4. LENGTHS Charles has two poles. Onepole has length equal to log7 21 and the other has length equal to log7 25.Express the length of both poles joinedend to end as the logarithm of a singlenumber.log7 525

SIZE For Exercises 5-7, use thefollowing information.

Alicia wanted to try to quantify the termspuny, tiny, small, medium, large, big, huge,and humongous. She picked a number of objects and classified them with theseadjectives of size. She noticed that the scaleseemed exponential. Therefore, she came upwith the following definition. Define S to be

log3 V, where V is volume in cubic feet.

Then use the following table to find theappropriate adjective.

5. Derive an expression for S applied to a cube in terms of � where � is the sidelength of a cube.log3 �

6. How many cubes, each one foot on a side, would have to be put together to get an object that Alicia would call“big”?729

7. How likely is it that a large objectattached to a big object would result in a huge object, according to Alicia’s scale.Not very likely; most likely theresult will be big, not huge.

�2 S � �1 tiny

�1 S � 0 small

0 S � 1 medium

1 S � 2 large

2 S � 3 big

3 S � 4 huge

1�3

PracticeProperties of Logarithms

9-3

Chapter 9 24 Glencoe Algebra 2

Use log10 5 � 0.6990 and log10 7 � 0.8451 to approximate the value of eachexpression.

1. log10 35 1.5441 2. log10 25 1.3980 3. log10 0.1461 4. log10 �0.1461

5. log10 245 2.3892 6. log10 175 2.2431 7. log10 0.2 �0.6990 8. log10 0.5529

Solve each equation. Check your solutions.

9. log7 n � log7 8 4 10. log10 u � log10 4 8

11. log6 x � log6 9 � log6 54 6 12. log8 48 � log8 w � log8 4 12

13. log9 (3u � 14) � log9 5 � log9 2u 2 14. 4 log2 x � log2 5 � log2 405 3

15. log3 y � �log3 16 � log3 64 16. log2 d � 5 log2 2 � log2 8 4

17. log10 (3m � 5) � log10 m � log10 2 2 18. log10 (b � 3) � log10 b � log10 4 1

19. log8 (t � 10) � log8 (t � 1) � log8 12 2 20. log3 (a � 3) � log3 (a � 2) � log3 6 0

21. log10 (r � 4) � log10 r � log10 (r � 1) 2 22. log4 (x2 � 4) � log4 (x � 2) � log4 1 3

23. log10 4 � log10 w � 2 25 24. log8 (n � 3) � log8 (n � 4) � 1 4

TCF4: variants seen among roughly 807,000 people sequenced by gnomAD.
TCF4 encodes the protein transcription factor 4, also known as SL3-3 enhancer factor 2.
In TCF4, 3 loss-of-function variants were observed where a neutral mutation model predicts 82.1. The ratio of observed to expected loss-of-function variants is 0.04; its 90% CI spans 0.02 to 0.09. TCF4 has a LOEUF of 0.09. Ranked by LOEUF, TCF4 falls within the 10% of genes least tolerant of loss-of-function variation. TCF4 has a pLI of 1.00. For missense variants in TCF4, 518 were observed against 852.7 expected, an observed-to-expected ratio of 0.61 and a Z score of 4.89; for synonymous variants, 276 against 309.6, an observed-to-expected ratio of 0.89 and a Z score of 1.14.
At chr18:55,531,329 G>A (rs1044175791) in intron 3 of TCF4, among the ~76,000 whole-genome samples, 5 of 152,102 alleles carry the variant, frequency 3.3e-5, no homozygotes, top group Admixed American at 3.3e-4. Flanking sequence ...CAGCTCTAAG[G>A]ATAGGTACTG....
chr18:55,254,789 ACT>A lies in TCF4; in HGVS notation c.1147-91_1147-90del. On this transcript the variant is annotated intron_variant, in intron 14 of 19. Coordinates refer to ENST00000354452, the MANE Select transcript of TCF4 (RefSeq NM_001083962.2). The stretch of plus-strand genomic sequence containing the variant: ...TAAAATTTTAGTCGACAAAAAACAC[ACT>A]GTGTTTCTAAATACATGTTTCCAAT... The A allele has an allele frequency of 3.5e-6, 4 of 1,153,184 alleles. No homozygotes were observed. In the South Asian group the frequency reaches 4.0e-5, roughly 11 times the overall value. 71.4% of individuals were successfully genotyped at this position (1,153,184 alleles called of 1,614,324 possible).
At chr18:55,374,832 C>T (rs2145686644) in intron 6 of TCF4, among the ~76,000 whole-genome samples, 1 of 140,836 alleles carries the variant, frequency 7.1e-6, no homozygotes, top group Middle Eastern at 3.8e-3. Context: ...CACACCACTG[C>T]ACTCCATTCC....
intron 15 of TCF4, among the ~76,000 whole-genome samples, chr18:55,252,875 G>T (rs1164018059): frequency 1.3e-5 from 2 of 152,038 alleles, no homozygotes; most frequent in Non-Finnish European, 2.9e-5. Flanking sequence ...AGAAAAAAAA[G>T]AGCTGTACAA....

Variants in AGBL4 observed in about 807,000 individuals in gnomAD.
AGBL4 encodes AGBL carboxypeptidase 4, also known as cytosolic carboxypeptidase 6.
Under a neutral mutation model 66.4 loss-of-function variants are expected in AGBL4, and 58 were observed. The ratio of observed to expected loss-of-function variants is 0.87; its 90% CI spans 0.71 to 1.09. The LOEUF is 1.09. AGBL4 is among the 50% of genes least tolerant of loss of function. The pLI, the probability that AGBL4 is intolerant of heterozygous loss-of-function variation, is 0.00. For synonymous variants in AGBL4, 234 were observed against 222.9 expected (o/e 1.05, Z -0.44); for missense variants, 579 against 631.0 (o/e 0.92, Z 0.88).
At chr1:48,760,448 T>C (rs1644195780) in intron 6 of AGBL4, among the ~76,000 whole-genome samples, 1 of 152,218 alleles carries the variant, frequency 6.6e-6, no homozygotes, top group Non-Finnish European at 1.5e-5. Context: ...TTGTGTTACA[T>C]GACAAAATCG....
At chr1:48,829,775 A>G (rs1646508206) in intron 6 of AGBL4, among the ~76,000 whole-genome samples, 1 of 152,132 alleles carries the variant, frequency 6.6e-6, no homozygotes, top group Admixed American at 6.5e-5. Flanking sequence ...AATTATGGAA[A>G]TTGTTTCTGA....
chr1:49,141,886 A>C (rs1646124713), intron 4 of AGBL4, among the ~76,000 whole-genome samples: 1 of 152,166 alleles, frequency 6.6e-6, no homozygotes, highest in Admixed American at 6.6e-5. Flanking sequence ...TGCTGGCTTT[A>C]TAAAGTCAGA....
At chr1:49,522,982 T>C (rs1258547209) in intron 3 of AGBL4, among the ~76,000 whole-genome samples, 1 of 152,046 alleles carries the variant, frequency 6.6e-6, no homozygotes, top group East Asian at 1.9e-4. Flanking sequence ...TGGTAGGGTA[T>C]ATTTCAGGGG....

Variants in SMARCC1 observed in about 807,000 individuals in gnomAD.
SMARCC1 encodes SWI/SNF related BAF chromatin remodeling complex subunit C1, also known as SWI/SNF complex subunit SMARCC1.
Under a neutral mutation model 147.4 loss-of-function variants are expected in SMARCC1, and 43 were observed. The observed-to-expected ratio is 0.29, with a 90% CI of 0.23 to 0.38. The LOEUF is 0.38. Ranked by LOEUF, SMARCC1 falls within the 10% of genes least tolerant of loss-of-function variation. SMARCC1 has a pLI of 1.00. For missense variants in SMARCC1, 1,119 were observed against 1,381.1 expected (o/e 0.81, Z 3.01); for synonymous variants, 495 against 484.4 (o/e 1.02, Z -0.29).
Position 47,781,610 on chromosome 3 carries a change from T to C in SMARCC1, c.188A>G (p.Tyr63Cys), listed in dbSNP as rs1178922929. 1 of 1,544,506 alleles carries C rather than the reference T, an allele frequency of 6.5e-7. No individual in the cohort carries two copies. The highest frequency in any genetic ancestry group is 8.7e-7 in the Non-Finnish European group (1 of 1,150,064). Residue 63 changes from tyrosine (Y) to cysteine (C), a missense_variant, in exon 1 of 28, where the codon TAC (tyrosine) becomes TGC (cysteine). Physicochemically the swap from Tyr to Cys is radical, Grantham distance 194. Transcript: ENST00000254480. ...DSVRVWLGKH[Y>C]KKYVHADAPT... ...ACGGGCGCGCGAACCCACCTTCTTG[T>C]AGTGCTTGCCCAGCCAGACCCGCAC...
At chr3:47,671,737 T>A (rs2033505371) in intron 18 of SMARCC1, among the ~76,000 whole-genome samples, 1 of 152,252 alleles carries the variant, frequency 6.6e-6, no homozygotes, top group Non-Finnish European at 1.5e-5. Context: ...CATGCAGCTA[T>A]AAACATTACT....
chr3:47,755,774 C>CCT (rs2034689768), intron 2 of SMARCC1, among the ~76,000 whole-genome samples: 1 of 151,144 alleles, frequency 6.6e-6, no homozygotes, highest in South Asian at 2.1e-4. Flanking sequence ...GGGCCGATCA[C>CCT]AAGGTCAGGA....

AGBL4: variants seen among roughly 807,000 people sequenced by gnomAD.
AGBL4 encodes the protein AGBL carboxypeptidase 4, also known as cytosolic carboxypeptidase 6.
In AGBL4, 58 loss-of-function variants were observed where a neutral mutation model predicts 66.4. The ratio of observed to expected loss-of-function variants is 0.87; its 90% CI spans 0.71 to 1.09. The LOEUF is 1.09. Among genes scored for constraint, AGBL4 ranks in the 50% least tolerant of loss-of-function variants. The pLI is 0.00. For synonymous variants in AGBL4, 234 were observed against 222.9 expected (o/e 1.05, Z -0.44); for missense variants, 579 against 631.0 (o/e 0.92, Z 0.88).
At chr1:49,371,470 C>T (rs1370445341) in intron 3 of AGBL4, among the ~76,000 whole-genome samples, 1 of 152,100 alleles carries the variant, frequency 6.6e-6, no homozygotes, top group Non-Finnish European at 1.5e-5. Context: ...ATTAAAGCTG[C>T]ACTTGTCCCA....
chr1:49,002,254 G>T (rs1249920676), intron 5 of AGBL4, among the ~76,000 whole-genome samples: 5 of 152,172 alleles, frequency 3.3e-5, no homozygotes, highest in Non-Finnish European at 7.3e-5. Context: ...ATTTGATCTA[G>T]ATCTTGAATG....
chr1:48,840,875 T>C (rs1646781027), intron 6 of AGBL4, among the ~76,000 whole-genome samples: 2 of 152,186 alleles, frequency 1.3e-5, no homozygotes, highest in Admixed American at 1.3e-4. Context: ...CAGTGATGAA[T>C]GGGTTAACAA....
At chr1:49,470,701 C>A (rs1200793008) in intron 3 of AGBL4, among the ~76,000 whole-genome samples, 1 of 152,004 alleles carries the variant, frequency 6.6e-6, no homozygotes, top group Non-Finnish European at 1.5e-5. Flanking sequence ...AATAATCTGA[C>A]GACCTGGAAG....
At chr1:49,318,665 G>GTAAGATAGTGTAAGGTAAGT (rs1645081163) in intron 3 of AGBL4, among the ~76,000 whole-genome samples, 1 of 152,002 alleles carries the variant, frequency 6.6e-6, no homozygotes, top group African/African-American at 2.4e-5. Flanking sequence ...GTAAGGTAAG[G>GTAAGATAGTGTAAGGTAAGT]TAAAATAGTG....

25. 3 log5 (x2 � 9) � 6 � 0 4 26. log16 (9x � 5) � log16 (x2 � 1) � 3

27. log6 (2x � 5) � 1 � log6 (7x � 10) 8 28. log2 (5y � 2) � 1 � log2 (1 � 2y) 0

29. log10 (c2 � 1) � 2 � log10 (c � 1) 101 30. log7 x � 2 log7 x � log7 3 � log7 72 6

31. SOUND Recall that the loudness L of a sound in decibels is given by L � 10 log10 R,where R is the sound’s relative intensity. If the intensity of a certain sound is tripled, byhow many decibels does the sound increase? about 4.8 db

32. EARTHQUAKES An earthquake rated at 3.5 on the Richter scale is felt by many people,and an earthquake rated at 4.5 may cause local damage. The Richter scale magnitudereading m is given by m � log10 x, where x represents the amplitude of the seismic wavecausing ground motion. How many times greater is the amplitude of an earthquake thatmeasures 4.5 on the Richter scale than one that measures 3.5? 10 times

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NAME ______________________________________________ DATE______________ PERIOD _____

Glencoe/M

cGraw

-Hill, a division of T

he McG

raw-H

ill Com

panies, Inc.

9-3

You are watching: · PDF fileChapter 9 24 Glencoe Algebra 2 Use log 10 5 0.6990 and log 10 7 0.8451 to approximate the value of each expression. 1. log 10 35 1.5441 2. Info created by Bút Chì Xanh selection and synthesis along with other related topics.